If Instagram doesn’t have enough product links for you, you may enjoy Amazon Spark, a new feature that the e-tailer calls a place “to discover—and shop—stories and ideas from a community that likes what you like.” Users can scroll through a feed of personalized content; click on something you like, and you’ll be brought to the item’s Amazon product page. The move signals that Amazon wants to capitalize on the buzz around social commerce. But do consumers really want another shoppable social network?
The major user shift (and brand migration) from Snapchat to Instagram after the latter rolled out its Stories feature suggests that most Instagrammers would choose it over less familiar alternatives with the same functionality. In recent months, the platform has been aggressively rolling out features to address previous gaps in commerce functionality, leading major brands like Nike to establish a retail presence on the platform. While Amazon is well-positioned to disrupt categories from Grocery to Entertainment, Instagram has already carved out such a key role in the social media landscape (even Amazon can’t yet be used as a verb) that the e-tailer might struggle to convince consumers to browse lifestyle content on a new platform.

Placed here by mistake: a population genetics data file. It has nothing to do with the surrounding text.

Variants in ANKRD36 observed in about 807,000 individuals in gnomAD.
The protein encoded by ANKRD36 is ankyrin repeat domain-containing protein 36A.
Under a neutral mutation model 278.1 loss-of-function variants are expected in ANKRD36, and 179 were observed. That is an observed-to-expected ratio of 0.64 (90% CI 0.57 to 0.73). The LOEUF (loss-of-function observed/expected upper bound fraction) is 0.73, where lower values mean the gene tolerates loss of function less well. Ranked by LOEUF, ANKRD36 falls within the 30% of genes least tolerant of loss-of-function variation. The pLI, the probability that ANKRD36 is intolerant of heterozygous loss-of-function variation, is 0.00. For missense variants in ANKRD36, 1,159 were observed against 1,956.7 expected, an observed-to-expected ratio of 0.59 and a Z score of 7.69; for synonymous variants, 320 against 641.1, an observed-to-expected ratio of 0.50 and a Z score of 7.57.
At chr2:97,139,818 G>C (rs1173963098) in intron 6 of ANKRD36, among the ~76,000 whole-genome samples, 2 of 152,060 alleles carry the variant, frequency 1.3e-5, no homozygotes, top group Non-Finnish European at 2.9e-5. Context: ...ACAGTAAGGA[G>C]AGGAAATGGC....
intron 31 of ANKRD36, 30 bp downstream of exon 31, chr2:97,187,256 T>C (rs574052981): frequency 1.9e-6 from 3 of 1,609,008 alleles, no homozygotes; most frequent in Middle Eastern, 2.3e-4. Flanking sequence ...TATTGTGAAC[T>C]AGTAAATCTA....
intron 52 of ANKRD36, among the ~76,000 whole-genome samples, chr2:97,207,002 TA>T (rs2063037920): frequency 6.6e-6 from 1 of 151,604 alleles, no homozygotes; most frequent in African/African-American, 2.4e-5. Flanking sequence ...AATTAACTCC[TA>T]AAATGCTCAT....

Yet while Spark might not be the social platform of the future, its emphasis on discoverability could transform the product review ecosystem, giving lesser-known brands a visibility boost. Products with more reviews enjoy superior search visibility on Amazon and other e-tailers, according to L2’s Insight Report: Enterprise E-Tailer Strategy. Historically, that fact has benefited established brands. But the shift from conventional reviews to Spark, with its focus on discoverability, could benefit long tail brands that have already mastered the art of showing up on Instagram and in Amazon search. As those long tail brands continue challenging their richer rivals in terms of both visibility and market share, Spark would play to their advantages, forcing competitors to catch up.